WATERLOO, Iowa — Impassioned speeches and cries for justice punctuated a gathering of family and friends of Derrick Ambrose Jr. and members of the black community in Waterloo on Thursday night. mobile casino for usa players
The meeting, which drew about 50 people, came in response to a grand jury’s decision against indicting a Waterloo police officer in Ambrose’s death. microgaming casino software download
The Black Hawk County Attorney’s Office said a secret grand jury recently concluded and decided against pursuing criminal charges against Officer Kyle Law in the shooting.
Law shot and killed Ambrose in November following a fight outside a nightclub where Ambrose waved a pistol and refused to drop the weapon.
Ambrose ran off, and Law thought he was about to be shot when Ambrose turned toward him during the chase, authorities said.
The gathering, dubbed a strategy meeting by organizers and held at the Masonic Temple, attracted some of the city’s most visible human rights activists who urged non-violent, intelligent action.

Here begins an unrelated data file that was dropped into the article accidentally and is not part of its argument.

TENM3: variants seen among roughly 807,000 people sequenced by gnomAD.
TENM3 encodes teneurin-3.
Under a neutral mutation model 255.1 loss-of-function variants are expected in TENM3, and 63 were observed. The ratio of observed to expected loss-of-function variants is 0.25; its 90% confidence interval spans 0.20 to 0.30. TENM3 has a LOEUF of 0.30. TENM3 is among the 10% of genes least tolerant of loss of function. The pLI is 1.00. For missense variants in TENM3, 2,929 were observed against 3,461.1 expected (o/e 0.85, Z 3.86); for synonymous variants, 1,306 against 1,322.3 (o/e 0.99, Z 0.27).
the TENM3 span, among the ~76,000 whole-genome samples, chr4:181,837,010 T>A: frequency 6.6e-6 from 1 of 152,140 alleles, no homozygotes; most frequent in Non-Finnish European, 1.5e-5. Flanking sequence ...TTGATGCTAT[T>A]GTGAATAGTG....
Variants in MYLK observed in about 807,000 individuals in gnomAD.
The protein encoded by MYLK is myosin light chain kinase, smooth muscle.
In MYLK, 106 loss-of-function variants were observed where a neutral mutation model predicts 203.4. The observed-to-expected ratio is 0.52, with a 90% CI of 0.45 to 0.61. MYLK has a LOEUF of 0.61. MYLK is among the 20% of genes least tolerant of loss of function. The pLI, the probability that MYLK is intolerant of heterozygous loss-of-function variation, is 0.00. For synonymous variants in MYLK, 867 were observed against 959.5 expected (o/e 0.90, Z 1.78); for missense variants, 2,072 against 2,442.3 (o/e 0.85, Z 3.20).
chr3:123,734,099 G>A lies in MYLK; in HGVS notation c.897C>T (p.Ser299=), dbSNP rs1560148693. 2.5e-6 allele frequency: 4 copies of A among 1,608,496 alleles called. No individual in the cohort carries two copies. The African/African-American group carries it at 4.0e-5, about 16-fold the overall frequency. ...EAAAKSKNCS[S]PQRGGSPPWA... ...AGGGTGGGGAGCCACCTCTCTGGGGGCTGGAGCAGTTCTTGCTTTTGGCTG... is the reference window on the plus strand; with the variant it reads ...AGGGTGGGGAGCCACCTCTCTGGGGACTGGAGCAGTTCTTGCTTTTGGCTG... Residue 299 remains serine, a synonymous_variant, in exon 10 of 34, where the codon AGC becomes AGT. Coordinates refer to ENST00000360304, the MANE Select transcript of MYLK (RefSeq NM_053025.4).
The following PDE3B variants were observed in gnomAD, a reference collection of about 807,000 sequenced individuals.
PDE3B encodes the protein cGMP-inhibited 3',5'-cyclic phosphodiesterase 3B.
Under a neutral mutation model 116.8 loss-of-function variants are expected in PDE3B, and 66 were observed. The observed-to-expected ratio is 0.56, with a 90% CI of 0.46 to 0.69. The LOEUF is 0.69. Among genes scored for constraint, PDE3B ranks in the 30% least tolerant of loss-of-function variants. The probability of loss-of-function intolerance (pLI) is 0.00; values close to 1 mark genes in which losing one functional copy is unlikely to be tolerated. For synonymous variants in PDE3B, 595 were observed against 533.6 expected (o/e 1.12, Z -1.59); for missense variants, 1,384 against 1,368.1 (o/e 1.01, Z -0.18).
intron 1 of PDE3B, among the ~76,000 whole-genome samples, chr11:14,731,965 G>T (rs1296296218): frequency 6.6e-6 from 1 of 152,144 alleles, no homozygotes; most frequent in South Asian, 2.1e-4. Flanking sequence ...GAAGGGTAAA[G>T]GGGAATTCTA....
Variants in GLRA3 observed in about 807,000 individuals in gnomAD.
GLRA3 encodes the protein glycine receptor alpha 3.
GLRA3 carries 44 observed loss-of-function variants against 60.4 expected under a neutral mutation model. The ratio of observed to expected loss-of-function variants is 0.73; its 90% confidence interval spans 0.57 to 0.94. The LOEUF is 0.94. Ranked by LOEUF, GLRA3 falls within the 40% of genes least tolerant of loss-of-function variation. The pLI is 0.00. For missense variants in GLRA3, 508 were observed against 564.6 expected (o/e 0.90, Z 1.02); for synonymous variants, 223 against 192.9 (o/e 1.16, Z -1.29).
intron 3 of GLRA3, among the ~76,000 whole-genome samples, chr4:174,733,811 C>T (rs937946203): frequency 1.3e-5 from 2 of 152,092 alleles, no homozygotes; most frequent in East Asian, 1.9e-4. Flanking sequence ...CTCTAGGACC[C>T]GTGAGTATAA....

The Rev. Marvin Jenkins opened the meeting with a prayer and said of the grand jury’s decision, “God is the only one who can make things right. … He will have the final say so.
“Justice is being made a mockery,” he said. “We have to stand up and let our voices be heard.”
KBOL-FM radio founder Michael Muhammad’s emotion was apparent.
“I come too with a really heavy heart,” he said. “The decision is one by now we should be pretty accustomed to. … There is no justice for young black men and women.”
Muhammad said the community was “hoping for a Hail Mary, a glimmer for decency and responsibility” mobile blackjack real money usa
“His blood is soaking the earth of this community,” he said of Ambrose. “When you shoot a man in the back, that’s called a coward.”
But Muhammad pointed out that some of the behavior in the black community exacerbates the problem. lucky casino live roulette online
“As long as we have inappropriate behavior, we give them justification,” he said. “If we don’t get our act together, this is just the beginning.”
Muhammad said the Ambrose shooting was as big to him as what happened to Trayvon Martin, an unarmed Florida teen who was shot and killed by a neighborhood watch volunteer.
“(Derrick’s) death is to wake up the young people in the community, the elders, the so-called leadership.”
Muhammad urged people to use their phones to record things going on in the community, including what law enforcement is doing.
When you “deal with a devil … put the light of truth on him,” he said.
Muhammad closed his comments by saying, “If you are not ready to give your life for your people, you’re in the way.” best bonus gambling lines